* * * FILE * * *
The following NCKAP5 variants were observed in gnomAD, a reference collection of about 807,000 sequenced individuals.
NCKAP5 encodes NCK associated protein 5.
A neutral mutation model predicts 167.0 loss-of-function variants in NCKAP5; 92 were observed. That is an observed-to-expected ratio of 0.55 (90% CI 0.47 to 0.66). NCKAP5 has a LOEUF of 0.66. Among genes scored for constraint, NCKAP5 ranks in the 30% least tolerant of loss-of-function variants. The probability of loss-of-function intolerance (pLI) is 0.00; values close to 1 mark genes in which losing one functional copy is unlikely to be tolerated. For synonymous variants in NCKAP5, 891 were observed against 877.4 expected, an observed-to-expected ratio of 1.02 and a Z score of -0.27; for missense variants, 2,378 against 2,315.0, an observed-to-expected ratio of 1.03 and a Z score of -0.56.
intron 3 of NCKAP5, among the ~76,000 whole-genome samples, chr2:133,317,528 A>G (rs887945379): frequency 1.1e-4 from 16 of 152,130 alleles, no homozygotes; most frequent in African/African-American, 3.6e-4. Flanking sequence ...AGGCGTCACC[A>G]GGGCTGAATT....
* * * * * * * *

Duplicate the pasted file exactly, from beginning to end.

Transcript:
The following NCKAP5 variants were observed in gnomAD, a reference collection of about 807,000 sequenced individuals.
NCKAP5 encodes NCK associated protein 5.
A neutral mutation model predicts 167.0 loss-of-function variants in NCKAP5; 92 were observed. That is an observed-to-expected ratio of 0.55 (90% CI 0.47 to 0.66). NCKAP5 has a LOEUF of 0.66. Among genes scored for constraint, NCKAP5 ranks in the 30% least tolerant of loss-of-function variants. The probability of loss-of-function intolerance (pLI) is 0.00; values close to 1 mark genes in which losing one functional copy is unlikely to be tolerated. For synonymous variants in NCKAP5, 891 were observed against 877.4 expected, an observed-to-expected ratio of 1.02 and a Z score of -0.27; for missense variants, 2,378 against 2,315.0, an observed-to-expected ratio of 1.03 and a Z score of -0.56.
intron 3 of NCKAP5, among the ~76,000 whole-genome samples, chr2:133,317,528 A>G (rs887945379): frequency 1.1e-4 from 16 of 152,130 alleles, no homozygotes; most frequent in African/African-American, 3.6e-4. Flanking sequence ...AGGCGTCACC[A>G]GGGCTGAATT....